Crazy Horse | Short Reads

Crazy Horse grew up riding horses and hunting buffalo. But it was his bravery and daring in battle that earned him the name Crazy Horse. This was also his father’s name.

Crazy Horse was one of the greatest Native American chiefs. When the United States government tried to force Native Americans to live on reservations, Crazy Horse fiercely defended his people’s land and way of life.

Today, Crazy Horse is remembered mostly for a victory over United States Army troops. The loser in that battle is even more famous. His name is George Armstrong Custer. The battle in which Crazy Horse defeated Custer is often called Custer’s Last Stand.

A monument to Crazy Horse is being carved out of a mountain in South Dakota. The statue of this warrior will be 600 feet (180 meters) high. The head is finished. It alone is as tall as a nine-story building.

WARRIOR AND CHIEF

Crazy Horse was born in a Sioux Indian camp near present-day Rapid City, South Dakota, in about 1849. Even as a child, he was known as a hunter and warrior. Before he turned 12, he killed his first buffalo. Soon after, he made his first raid on a Crow Indian camp.

When he was 16, Crazy Horse took part in his first battle. The U.S. Army had begun to build forts and a trail on Sioux territory in Wyoming. Sioux chief Red Cloud led attacks against white settlers on this territory. Crazy Horse showed courage in these battles.

Crazy Horse married a Cheyenne woman in 1868. He then became the leader of a band of Sioux and Cheyenne people. In 1874, gold was discovered on Sioux land in the of South Dakota. Prospectors swarmed in, despite a treaty that kept white settlers off this sacred Sioux land. Crazy Horse and another Sioux chief, Sitting Bull, decided to fight.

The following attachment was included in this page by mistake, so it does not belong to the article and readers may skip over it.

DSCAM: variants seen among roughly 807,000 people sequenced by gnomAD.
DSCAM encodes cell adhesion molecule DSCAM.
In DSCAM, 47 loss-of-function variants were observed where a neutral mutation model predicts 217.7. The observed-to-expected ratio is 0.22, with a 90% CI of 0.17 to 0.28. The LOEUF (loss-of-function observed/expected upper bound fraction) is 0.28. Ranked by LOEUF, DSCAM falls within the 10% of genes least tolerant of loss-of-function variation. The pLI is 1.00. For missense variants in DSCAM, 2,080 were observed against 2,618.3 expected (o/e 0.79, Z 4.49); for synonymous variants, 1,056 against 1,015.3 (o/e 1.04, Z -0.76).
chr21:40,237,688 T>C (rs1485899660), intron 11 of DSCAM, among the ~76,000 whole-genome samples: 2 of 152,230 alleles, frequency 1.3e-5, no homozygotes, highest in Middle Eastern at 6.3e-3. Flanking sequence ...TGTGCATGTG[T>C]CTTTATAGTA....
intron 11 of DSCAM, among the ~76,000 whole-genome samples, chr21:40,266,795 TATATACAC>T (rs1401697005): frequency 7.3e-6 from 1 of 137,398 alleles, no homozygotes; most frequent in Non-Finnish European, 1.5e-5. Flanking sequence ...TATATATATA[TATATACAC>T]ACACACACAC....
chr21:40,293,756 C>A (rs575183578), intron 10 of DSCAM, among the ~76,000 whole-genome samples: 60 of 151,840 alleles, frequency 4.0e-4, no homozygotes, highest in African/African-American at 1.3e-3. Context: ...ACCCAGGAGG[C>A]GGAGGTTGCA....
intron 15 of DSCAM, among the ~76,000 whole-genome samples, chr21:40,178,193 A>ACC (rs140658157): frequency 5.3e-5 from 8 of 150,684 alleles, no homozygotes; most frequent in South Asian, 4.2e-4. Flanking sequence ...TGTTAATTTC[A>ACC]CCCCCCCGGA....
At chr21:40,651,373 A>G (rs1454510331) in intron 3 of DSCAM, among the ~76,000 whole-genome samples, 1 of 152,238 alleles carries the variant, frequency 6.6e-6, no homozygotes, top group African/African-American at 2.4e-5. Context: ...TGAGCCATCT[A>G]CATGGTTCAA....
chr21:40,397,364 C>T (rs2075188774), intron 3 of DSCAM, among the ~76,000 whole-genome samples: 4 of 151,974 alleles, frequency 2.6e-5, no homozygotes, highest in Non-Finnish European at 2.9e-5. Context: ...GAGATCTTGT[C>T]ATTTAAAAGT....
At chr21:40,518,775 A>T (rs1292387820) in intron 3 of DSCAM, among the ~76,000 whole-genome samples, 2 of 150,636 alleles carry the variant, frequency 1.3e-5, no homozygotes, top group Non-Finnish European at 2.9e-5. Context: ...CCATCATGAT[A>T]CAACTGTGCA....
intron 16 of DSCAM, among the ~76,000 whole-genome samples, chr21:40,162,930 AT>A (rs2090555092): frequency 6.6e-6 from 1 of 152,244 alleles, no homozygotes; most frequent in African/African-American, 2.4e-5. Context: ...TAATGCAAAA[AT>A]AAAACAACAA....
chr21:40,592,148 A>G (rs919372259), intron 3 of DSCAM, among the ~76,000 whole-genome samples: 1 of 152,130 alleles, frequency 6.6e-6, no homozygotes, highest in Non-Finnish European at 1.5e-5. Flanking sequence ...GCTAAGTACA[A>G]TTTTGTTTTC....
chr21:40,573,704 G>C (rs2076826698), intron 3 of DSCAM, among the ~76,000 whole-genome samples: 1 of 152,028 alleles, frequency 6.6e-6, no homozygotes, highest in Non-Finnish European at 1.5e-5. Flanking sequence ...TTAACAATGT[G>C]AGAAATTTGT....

On June 25, 1876, Lieutenant Colonel Custer and his troops advanced on Sitting Bull’s camp on the Little Bighorn River in Montana. Sitting Bull and Crazy Horse led their warriors in a fierce attack. Custer and his men were quickly wiped out in the Battle of the Little Bighorn.

PROUD AND DEFIANT LEADER

After the battle, government officials were determined to force the Sioux onto reservations. Most of the Sioux surrendered. However, Crazy Horse refused to abandon his independent way of life.

During the winter of 1876 and 1877, the Army chased Crazy Horse and his people over the Great Plains. By then, very few buffalo were left, and Crazy Horse could not feed his people. On May 6, 1877, he and his starving followers surrendered their weapons and horses at Fort Robinson, Nebraska. Crazy Horse was promised that his people could have their own reservation in Wyoming. This promise was broken.

THE MURDER OF CRAZY HORSE

The Army was afraid that Crazy Horse might try to fight again. Crazy Horse was arrested. When he protested, a soldier stabbed him. Crazy Horse died shortly afterward, on September 5, 1877.

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